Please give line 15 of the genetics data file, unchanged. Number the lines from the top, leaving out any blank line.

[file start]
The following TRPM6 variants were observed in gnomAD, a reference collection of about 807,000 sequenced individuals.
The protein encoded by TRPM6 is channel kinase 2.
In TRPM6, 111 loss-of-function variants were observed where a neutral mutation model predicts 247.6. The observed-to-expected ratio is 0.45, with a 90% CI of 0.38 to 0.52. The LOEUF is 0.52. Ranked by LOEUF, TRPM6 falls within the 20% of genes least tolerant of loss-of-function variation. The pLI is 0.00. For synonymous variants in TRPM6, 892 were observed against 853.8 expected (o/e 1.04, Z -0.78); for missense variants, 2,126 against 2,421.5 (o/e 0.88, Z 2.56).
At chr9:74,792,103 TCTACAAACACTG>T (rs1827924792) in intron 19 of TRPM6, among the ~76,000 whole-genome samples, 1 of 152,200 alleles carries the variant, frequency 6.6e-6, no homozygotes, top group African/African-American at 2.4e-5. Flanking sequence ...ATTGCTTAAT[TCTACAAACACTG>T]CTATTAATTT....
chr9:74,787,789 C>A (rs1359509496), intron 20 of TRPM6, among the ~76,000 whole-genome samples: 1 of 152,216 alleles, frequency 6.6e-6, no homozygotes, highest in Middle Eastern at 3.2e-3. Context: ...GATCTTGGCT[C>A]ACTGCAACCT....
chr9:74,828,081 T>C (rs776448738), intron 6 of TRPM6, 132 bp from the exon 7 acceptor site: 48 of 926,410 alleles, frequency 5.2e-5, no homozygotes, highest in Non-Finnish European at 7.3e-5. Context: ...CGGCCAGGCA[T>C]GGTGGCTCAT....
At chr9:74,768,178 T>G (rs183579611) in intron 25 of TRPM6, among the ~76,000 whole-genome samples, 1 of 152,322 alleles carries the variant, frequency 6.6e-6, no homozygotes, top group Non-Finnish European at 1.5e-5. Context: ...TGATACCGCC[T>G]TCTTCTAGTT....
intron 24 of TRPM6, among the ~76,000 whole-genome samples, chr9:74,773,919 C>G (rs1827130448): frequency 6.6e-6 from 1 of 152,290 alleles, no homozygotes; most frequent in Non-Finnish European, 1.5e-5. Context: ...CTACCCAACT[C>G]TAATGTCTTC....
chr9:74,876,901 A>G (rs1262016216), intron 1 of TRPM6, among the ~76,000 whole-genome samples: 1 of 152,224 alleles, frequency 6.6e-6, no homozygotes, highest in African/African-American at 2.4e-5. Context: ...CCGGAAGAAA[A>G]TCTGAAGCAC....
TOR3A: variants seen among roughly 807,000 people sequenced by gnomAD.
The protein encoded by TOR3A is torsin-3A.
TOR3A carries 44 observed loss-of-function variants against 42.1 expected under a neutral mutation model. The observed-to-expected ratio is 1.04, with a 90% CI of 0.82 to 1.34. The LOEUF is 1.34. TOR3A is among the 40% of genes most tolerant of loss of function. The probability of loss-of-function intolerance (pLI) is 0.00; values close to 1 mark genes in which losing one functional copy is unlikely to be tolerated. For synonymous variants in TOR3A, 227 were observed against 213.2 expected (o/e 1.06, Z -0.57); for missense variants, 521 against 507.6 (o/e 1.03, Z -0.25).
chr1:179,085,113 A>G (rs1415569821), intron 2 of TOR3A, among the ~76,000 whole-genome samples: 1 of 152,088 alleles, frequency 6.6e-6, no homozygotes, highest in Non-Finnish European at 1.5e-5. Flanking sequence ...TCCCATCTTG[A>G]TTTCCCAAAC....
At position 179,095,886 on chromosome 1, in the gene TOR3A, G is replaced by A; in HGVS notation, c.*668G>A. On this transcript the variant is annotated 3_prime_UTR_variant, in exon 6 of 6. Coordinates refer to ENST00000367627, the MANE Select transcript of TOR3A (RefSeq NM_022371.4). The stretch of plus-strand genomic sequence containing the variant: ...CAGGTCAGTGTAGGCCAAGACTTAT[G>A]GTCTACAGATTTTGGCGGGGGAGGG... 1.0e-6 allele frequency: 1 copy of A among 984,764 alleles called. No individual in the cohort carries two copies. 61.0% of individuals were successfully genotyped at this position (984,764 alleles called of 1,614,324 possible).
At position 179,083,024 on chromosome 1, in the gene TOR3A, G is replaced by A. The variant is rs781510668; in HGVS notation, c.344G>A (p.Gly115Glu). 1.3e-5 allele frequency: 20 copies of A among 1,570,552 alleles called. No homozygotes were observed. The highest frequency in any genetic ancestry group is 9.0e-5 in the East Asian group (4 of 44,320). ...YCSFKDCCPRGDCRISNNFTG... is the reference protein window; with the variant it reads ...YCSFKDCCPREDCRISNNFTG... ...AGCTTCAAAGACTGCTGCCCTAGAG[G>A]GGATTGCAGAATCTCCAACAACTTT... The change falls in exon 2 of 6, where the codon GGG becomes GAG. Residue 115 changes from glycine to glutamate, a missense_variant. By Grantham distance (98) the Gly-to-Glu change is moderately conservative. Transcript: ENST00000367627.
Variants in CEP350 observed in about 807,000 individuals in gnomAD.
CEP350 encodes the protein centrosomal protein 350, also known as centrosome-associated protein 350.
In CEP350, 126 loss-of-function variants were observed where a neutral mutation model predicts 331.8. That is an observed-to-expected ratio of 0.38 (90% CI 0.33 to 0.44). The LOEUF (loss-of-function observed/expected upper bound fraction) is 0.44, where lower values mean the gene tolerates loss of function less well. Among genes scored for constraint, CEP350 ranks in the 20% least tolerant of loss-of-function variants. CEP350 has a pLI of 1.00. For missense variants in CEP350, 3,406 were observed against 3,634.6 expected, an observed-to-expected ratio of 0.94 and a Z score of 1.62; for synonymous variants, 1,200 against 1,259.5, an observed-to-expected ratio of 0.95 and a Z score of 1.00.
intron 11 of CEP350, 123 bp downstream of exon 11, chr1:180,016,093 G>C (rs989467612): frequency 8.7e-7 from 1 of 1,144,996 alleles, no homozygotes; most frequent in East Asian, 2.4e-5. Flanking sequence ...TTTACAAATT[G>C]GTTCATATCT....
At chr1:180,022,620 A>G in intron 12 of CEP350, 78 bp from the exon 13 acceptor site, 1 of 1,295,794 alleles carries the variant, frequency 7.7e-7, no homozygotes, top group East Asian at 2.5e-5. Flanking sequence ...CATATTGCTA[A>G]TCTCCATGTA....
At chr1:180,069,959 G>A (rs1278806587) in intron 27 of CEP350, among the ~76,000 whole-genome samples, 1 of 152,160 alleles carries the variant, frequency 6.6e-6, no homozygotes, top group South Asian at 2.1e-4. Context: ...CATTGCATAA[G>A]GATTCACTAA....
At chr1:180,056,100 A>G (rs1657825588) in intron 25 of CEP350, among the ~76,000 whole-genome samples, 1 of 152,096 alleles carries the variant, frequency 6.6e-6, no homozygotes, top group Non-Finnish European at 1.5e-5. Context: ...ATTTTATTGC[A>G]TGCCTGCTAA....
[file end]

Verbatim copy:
At position 179,083,024 on chromosome 1, in the gene TOR3A, G is replaced by A. The variant is rs781510668; in HGVS notation, c.344G>A (p.Gly115Glu). 1.3e-5 allele frequency: 20 copies of A among 1,570,552 alleles called. No homozygotes were observed. The highest frequency in any genetic ancestry group is 9.0e-5 in the East Asian group (4 of 44,320). ...YCSFKDCCPRGDCRISNNFTG... is the reference protein window; with the variant it reads ...YCSFKDCCPREDCRISNNFTG... ...AGCTTCAAAGACTGCTGCCCTAGAG[G>A]GGATTGCAGAATCTCCAACAACTTT... The change falls in exon 2 of 6, where the codon GGG becomes GAG. Residue 115 changes from glycine to glutamate, a missense_variant. By Grantham distance (98) the Gly-to-Glu change is moderately conservative. Transcript: ENST00000367627.